Danny Harvey’s interest in musical theatre began with his mom’s favourite film, “Bye Bye Birdie” and the “Jesus Christ Superstar” soundtrack.
Alan Menken’s “Beauty and the Beast” finally inspired him to be, in his words, “part of the spectacle”.
As a youth, Harvey performed in Brampton Music Theatre because of his sister’s involvement with community theatre.
“I kind of fell in love with it and decided to make a career out of it,” he says.
Now, Harvey is the Resident Director of Rose Theatre Brampton.
Scroll down for a podcast interview with Harvey.
Currently Harvey is directing the courtroom drama “Twelve Angry Men”. The play is about a jury reaching a unanimous verdict in the case of a teenage boy accused of murdering his father.
Harvey finds the play unique from other stories in the genre.
“There’s so many different courtroom dramas, but you never see what happens in the juror room, the jury always disappears and they come back with a verdict, and that’s the cliffhanger,” he explains.
“It’s really neat to see what happens when the people that aren’t lawyers, aren’t judges, are talking like regular human beings and deciding a person’s fate.”
He notes the play brings “a unique set of challenges,” particularly for the set design.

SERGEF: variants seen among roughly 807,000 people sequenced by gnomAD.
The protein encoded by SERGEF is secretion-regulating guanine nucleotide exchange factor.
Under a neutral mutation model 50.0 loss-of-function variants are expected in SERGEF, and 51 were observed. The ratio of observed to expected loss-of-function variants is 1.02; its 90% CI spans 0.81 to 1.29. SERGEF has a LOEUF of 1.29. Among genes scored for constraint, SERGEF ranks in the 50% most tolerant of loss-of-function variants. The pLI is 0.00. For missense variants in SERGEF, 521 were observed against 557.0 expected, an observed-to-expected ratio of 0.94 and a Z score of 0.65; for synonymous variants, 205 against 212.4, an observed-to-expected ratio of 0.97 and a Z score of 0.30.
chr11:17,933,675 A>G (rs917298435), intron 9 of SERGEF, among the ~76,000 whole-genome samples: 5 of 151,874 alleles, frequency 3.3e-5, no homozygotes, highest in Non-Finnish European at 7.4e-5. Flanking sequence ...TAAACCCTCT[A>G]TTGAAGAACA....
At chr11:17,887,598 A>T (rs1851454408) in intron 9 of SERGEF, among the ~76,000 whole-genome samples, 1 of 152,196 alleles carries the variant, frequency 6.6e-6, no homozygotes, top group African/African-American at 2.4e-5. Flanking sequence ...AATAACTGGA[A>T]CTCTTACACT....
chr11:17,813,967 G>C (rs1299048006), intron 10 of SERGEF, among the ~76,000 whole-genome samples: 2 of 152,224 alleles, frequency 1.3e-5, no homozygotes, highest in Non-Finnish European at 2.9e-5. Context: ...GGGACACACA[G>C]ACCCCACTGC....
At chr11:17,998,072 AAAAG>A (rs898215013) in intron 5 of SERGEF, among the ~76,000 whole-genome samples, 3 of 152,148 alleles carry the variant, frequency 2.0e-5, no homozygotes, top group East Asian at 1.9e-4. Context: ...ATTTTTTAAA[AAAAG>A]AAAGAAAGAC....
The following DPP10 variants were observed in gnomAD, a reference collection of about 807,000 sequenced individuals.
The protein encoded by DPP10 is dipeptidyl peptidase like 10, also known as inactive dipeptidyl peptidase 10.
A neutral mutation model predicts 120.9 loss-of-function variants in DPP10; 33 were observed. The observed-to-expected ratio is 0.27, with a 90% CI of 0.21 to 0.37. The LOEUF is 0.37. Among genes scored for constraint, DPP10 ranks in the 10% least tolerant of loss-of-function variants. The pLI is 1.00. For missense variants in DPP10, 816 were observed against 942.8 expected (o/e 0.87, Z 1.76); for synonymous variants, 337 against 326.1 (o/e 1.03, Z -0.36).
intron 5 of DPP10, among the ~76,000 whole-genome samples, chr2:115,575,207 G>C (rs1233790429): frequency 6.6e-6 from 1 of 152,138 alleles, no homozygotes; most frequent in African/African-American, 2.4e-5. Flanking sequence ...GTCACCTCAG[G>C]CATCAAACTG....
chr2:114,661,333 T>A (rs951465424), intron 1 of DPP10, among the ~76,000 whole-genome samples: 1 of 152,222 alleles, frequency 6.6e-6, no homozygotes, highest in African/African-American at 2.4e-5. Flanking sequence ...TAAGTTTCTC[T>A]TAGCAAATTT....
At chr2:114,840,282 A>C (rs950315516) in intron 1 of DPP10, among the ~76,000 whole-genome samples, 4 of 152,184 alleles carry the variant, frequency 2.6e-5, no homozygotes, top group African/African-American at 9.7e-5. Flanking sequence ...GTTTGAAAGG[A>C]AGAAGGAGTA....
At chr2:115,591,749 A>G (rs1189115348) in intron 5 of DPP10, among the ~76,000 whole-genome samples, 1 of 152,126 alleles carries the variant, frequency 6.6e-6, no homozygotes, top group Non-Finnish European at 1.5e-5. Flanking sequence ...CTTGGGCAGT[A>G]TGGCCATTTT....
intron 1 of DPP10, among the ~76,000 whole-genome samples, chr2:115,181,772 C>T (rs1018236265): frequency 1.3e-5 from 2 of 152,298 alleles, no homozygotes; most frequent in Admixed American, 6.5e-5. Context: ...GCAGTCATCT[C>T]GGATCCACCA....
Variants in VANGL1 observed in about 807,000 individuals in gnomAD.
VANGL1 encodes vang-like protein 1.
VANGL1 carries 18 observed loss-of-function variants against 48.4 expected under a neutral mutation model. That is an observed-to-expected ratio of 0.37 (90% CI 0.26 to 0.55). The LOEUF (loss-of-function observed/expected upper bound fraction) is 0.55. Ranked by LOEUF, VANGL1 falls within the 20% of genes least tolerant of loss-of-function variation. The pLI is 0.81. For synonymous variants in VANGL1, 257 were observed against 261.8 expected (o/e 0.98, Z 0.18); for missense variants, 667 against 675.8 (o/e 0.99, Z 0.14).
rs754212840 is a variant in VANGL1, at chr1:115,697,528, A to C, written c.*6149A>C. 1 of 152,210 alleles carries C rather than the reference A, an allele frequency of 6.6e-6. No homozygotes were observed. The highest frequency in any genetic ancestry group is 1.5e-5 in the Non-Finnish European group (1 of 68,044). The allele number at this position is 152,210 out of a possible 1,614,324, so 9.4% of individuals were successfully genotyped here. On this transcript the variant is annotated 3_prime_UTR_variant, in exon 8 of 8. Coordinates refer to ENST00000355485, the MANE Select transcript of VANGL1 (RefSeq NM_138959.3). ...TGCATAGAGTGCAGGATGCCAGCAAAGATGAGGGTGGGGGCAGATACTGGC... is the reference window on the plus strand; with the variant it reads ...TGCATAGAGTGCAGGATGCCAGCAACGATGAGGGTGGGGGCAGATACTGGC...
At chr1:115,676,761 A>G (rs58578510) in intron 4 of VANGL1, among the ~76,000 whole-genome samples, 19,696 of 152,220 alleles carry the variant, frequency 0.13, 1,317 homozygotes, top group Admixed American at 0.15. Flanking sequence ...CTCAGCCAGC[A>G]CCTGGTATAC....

“We’ve built a room within the room that you can see through the walls, the walls are cutaway so you can find a little microcosm of the 50’s in this room,” he says, adding “you’re just eight or ten feet away from the actors, and you can reach out and touch them and you can see everything and you can’t hide anything so it becomes very personal.”
Harvey is also directing Menken’s popular musical “Little Shop of Horrors.” Comparing it to the drama “Twelve Angry Men,” Harvey calls the production a “great big huge show with a lot of spectacle”.
“When you do something like ‘Twelve Angry Men’ the creative team is just me and my assistant director. With ‘Little Shop’, you’ve got a music director, you’ve got a choreographer, you’ve got an assistant choreographer, so you have to collaborate on those things a little bit differently.”
He believes dancing should tell the story in musicals.
“You have to make sure the dance aspect of things help the story, they don’t become about the dance, [but] they become about how we tell the story through dance”.
Harvey admires Des McAnuff for making creative and unique directorial choices.
“Everything he does is brilliant,” Harvey states.
“Twelve Angry Men” runs until July 27th.
“Little Shop of Horrors” runs from July 26th to August 2nd.
Visit here for more information on Rose Theatre Brampton.
To follow Harvey on Twitter, click here.
Listen to Emily Stewart’s interview with Danny Harvey.
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